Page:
The United States recently banned TikTok from all federal government devices over growing security concerns. That is a good start.
TikTok, FBI Director Christopher Wray warned at the beginning of December, is controlled by the Chinese government, which is a national security concern.
TikTok, a video-sharing app owned by Chinese company ByteDance, has, according to TikTok’s own estimates, 1 billion users worldwide. In 2021, TikTok had approximately 87 million users in the US, according to Statista. Disturbingly, a recent study found that 10% of US adults get their news from the Chinese app, up from 3% in 2020.
Wray said that China’s government can control the app’s recommendation algorithm, “which allows them to manipulate content, and if they want to, to use it for influence operations.”
“All of these things are in the hands of a government that doesn’t share our values, and that has a mission that’s very much at odds with what’s in the best interests of the United States. That should concern us,” Wray said in a speech at the University of Michigan.
Wray’s comments echoed those he made at the “Worldwide Threats to the Homeland” hearing held at the House of Representatives Homeland Security Committee on November 15.
“We do have national security concerns at least from the FBI’s end about TikTok,” Wray stated.
“They include the possibility that the Chinese government could use it to control data collection on millions of users. Or control the recommendation algorithm, which could be used for influence operations if they so chose. Or to control software on millions of devices, which gives it opportunity to potentially technically compromise personal devices.”
Wray’s concerns are not new — actually, they come a bit late. In 2020, President Donald J. Trump, citing similar security concerns, tried to ban the app in the US, in addition to sanctioning the company, but several federal judges ruled against both sanctions and a ban, blocking his attempts. One judge ruled that the ban failed “to adequately consider an obvious and reasonable alternative before banning TikTok” and that the ban was “arbitrary and capricious.”
“ByteDance’s submission and compliance with Chinese law has rendered it a reliable, useful, and far reaching ear and mouthpiece for the Party and State,” the Trump administration wrote at the time in a document motivating the proposed ban. The document cited ByteDance’s commitment to the Chinese Communist Party (CCP) as resulting in “systemic censorship of content across its platforms” and “the harvesting of user data.”
In the document, the Trump administration stressed noted:
“ByteDance, as a company, and its subsidiaries are subject to PRC national security laws that require or compel the assistance of any Chinese citizen or entity in surveillance and intelligence operations. As ByteDance is subject to PRC jurisdiction, PRC laws can compel cooperation from ByteDance…”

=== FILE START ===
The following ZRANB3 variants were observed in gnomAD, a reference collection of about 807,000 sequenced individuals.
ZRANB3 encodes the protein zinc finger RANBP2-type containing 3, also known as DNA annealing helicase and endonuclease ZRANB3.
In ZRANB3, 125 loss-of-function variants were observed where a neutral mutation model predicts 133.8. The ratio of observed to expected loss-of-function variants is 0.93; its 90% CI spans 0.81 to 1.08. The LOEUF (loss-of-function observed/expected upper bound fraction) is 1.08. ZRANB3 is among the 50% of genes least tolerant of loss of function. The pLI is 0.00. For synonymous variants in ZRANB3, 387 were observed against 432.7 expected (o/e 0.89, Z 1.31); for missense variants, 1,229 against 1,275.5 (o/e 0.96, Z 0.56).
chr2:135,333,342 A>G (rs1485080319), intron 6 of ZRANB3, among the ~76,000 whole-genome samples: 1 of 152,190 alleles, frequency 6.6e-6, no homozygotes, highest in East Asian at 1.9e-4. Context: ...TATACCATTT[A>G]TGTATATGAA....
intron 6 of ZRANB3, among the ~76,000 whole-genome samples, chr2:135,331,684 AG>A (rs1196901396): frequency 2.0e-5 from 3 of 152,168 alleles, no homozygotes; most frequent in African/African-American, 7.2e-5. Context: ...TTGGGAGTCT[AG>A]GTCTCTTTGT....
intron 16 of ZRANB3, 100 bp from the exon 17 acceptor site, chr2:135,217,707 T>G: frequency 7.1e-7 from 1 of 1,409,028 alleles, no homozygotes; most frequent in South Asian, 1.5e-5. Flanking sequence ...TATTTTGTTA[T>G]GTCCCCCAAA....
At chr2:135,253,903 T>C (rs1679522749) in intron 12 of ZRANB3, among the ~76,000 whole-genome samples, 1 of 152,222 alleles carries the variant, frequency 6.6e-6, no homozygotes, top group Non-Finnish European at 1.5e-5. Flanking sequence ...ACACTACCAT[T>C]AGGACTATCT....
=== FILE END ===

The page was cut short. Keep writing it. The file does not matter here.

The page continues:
Chinese law requires all Chinese companies to turn over information to the Communist Party upon request — and ByteDance reportedly employs more than 130 Party members to ensure compliance, among other matters.
The Trump administration stated :
“One of the foremost national security risks presented by the TikTok mobile application in the United States is the possibility that the PRC government could, through lawful authority, extralegal influence (Communist Party) influence, or PRCISS, compel TikTok to provide systemic access to U.S. user’s sensitive personal information. A number of press reports clearly indicate the PRC Government has already compelled TikTok to assist them for domestic surveillance, censorship, and propaganda action within China, and their compliance is indicative of how they are likely to respond to intelligence requests on U.S. users. Given the bounty of information TikTok could offer on foreign users, as well as the aforementioned cyber tactics employed by the PRC, the Department of Commerce assesses the PRC and PRCISS would not limit their use of TikTok to domestic concerns and would instead use it for foreign intelligence and surveillance.”
Furthermore, similar to the concerns expressed by Wray, the Trump administration argued,
“The PRC government and the CCP can exert influence on ByteDance and, through the TikTok app, censor and shape content available to U.S. users in ways that can influence their opinions and views of China.”
In April 2021, U.S. Senator Josh Hawley wrote:
“TikTok is a Trojan Horse for the Chinese Communist Party that has no place on government devices—or any American devices, for that matter…. TikTok has repeatedly proven itself to be a malicious actor.”
According to Adonis Hoffman, a former chief of staff and senior legal advisor at the FCC who has served in legal and policy positions in the U.S. House of Representatives: